To protect vulnerable UK citizens, the UK’s Office of Fair Trading pursued Best Sales of Holland in the Breda courts over allegedly misleading prize draw mailings. But were UK punters so naïve? Ebba Hoogenraad, partner in Steinhauser Hoogenraad Advocaten of Amsterdam, reports the Dutch judge’s perhaps surprising verdict.
Misleading sweepstakes sent from the Netherlands?
For some time, the Dutch company Best Sales has been sending misleading sweepstakes to British citizens: a personally addressed brochure in bold colours, and the statement that the addressee is the lucky winner of GBP 10,000.
A sales brochure is included, along with a form to be completed. The order form already includes an order, and the misleading suggestion is created that one should place this order, "for increased security", to be eligible for the first prize.
Since the Office of Fair Trade (OFT) had received a great many complaints about these misleading sweepstakes, sent from the Netherlands, the OFT initiated proceedings in the Netherlands to put an end to the activities of the Dutch company Best Sales. Unfortunately, in its judgment in preliminary relief proceedings on 24 October 2006, the Dutch court rejected the claims.*
Why? The court ruled according to Dutch law. The Unfair Commercial Practices Directive 2005/29/EC has not yet been implemented in the Netherlands. The mandatory implementation date of 12 June 2007 will probably not be met. The court ruled according to the standards of the Dutch act on misleading advertising, assuming the Gut-Springenheide Consumer as indicated by the Court of Justice ('an average consumer who is reasonably well informed and reasonably observant and circumspect').
The court believes that British consumers, upon first reading, will, indeed, believe it is necessary to place an order. However, an average, circumspect consumer may be expected to then read the small print in the general terms and conditions. And Best Sales had been clever: both the general terms and conditions and on the pre-completed order form stated, in small print on the vertical side of the form, that there was no obligation to purchase. It is true that the order list does state 'for increased security, please return the whole page', but if the consumer takes a good look at the form, there is a dotted line with an image of scissors halfway down the form, from which the consumer can deduce that one can also send only the upper part of the sweepstake form without placing an order.
The court then goes on to offer an opinion on the presumable British consumer: the OFT had argued that the mailings sent by Best Sales were directed at older individuals with a poor education, and that for that reason, a stricter assessment of misleading should apply. However, according to the court, the OFT was unable to sufficiently prove this statement. The court subsequently held that it is plausible that English consumers often receive such sweepstakes without having requested them. Sweepstakes are allowed in Great Britain. People are used to this types of mailings, and accordingly, more attentiveness may be expected of them, and there is no misleading. As long as the Unfair Commercial Practices Directive has not been implemented, the court does not find this mailing to be in contravention of Dutch law (yet).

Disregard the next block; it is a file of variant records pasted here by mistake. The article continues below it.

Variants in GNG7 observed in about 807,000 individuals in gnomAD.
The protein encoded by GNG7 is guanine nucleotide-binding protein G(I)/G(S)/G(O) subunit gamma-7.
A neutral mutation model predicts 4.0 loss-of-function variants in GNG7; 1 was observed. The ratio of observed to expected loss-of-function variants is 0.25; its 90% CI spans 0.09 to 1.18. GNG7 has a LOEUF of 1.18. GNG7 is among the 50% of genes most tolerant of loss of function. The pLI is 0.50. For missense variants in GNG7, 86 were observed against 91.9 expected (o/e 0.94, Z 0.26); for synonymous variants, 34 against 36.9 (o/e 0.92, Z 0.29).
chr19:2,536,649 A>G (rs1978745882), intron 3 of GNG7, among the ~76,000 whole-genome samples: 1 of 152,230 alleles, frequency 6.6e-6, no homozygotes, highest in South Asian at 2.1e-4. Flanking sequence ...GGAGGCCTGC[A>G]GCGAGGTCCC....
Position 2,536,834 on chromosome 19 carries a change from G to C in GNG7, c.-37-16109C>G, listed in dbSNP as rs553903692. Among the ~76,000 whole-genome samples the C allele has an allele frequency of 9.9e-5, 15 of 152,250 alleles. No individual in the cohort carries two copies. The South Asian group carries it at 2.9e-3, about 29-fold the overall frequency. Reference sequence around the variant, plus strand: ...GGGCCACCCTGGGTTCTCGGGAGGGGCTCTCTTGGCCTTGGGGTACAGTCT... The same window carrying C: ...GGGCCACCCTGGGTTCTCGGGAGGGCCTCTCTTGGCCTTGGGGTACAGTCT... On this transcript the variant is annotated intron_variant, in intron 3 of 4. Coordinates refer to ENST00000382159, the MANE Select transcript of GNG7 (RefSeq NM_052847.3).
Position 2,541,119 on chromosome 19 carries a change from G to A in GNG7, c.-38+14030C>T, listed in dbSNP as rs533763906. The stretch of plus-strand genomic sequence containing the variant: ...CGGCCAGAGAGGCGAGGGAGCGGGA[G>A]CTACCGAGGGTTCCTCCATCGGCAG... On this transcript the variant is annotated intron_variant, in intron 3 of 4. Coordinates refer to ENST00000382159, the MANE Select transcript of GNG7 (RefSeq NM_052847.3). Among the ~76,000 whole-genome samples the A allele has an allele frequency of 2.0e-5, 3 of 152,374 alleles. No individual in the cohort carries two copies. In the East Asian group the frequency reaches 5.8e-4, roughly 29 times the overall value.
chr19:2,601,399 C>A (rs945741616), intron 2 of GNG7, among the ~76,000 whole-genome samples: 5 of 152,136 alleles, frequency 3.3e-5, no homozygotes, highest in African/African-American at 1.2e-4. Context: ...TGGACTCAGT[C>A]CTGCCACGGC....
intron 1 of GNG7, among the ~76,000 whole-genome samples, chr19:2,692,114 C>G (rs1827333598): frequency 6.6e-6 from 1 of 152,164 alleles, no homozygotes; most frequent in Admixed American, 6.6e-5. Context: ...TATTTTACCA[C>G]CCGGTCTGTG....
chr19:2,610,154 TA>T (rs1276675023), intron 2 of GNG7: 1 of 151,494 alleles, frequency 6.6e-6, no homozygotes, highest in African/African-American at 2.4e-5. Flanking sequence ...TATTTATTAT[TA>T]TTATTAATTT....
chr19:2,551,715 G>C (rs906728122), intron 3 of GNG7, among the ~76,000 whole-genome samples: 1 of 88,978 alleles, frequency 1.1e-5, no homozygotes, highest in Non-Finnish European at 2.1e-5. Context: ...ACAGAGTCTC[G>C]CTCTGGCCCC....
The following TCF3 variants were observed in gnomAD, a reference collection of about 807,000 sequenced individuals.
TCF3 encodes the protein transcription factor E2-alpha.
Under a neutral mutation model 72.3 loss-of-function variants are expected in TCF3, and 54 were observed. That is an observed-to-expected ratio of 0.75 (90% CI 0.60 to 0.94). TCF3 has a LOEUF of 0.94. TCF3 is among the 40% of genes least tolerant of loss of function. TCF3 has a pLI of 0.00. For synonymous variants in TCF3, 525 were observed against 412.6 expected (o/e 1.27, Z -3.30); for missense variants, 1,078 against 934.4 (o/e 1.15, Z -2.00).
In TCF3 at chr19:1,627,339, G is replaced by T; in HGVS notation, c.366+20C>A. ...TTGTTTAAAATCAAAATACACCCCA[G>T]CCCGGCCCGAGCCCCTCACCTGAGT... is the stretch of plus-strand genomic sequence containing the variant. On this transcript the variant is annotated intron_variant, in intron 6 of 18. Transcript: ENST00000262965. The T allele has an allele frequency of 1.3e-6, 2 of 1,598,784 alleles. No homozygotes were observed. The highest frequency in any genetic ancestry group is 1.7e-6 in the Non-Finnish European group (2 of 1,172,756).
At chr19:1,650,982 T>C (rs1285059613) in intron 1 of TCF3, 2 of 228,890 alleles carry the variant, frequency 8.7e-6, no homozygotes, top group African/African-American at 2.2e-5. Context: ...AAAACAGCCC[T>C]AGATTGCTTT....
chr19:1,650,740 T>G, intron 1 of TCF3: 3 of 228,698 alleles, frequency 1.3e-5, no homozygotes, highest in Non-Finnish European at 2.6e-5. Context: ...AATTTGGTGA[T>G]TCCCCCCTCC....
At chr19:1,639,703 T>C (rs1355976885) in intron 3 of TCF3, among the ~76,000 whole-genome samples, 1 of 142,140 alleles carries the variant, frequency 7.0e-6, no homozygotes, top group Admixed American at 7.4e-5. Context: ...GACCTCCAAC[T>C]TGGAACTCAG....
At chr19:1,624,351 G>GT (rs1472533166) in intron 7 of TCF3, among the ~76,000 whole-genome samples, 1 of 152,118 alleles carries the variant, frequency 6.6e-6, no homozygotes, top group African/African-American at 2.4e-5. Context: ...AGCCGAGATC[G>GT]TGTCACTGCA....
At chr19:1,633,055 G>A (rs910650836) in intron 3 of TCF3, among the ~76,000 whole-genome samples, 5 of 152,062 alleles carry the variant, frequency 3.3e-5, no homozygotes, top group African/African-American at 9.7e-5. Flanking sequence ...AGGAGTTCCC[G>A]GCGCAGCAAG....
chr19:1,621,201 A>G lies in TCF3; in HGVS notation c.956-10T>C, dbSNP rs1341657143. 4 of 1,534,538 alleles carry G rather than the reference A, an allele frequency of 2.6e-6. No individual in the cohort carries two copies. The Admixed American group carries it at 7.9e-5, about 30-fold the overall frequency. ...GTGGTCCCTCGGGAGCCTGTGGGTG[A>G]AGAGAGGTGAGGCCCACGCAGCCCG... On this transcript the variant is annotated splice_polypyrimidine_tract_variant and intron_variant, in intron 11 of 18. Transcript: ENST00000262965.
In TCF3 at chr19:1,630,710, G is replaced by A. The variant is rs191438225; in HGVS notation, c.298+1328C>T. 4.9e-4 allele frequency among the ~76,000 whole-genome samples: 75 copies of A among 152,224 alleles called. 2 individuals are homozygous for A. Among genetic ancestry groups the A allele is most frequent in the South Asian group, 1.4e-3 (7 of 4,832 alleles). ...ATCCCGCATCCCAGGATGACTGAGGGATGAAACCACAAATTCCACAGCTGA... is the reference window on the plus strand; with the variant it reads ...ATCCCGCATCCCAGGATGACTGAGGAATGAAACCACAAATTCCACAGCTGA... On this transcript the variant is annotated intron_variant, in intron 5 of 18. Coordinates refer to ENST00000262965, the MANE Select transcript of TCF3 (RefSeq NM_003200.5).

There was also surprise at the decision in the Netherlands. Trade journals have already critically discussed the decision. First of all, because the court only rendered an opinion regarding misleading with regard to the obligation to place an order. The OFT had also requested a conviction because of the misleading suggestion that one is a winner. The court did not devote a single word to that.
A second bone of contention is that, since 2006, specific rules apply to, among other things, sweepstakes, in the Netherlands under the Dutch Betting and Gaming Act. These are laid down in a Gedragscode Promotionele Kansspelen [Dutch Code of Ethics regarding Promotional Games of Chance]. Sweepstakes are permitted, unless they create the misleading impression that one has won. An example given is the statement, in large print, that the addressee has won a prize, without putting this into perspective. Best Sales' sweepstakes mailing is, without doubt, in contravention of this Code of Ethics. This means that, at the least, the court should have ruled on what prevails in the case of cross-border sweepstakes: this (stricter) Dutch Code of Ethics, or merely the principles as laid down in the decision by the European Court of Justice, assessed using the Gut-Springenheide consumer. For all these reasons, the OFT has meanwhile lodged an appeal. The Court of Appeal is expected to rule on the matter at the end of this year. Perhaps, Best Sales will then be fully convicted, including the requested ban and the rectification.
Once the Unfair Commercial Practices Directive has been implemented in the Netherlands, the OFT will be able to present such requests for action against Best Sales and similar companies directly to the Dutch Consumers Authority. This body will then have a range of legal options for taking action. Among other things, it will be authorised to conduct an investigation of the advertiser, but also of the target group of the sweepstakes and the address files …
This will lead to many new legal questions and case law.
*Preliminary Relief Court Breda, the Netherlands, 24 October 2006, Office of Fair Trading / Best Sales, 164063/KG ZA 06-405, IPL 2007, issue 1.
Mrs Ebba H. Hoogenraad
Steinhauser Hoogenraad Advocaten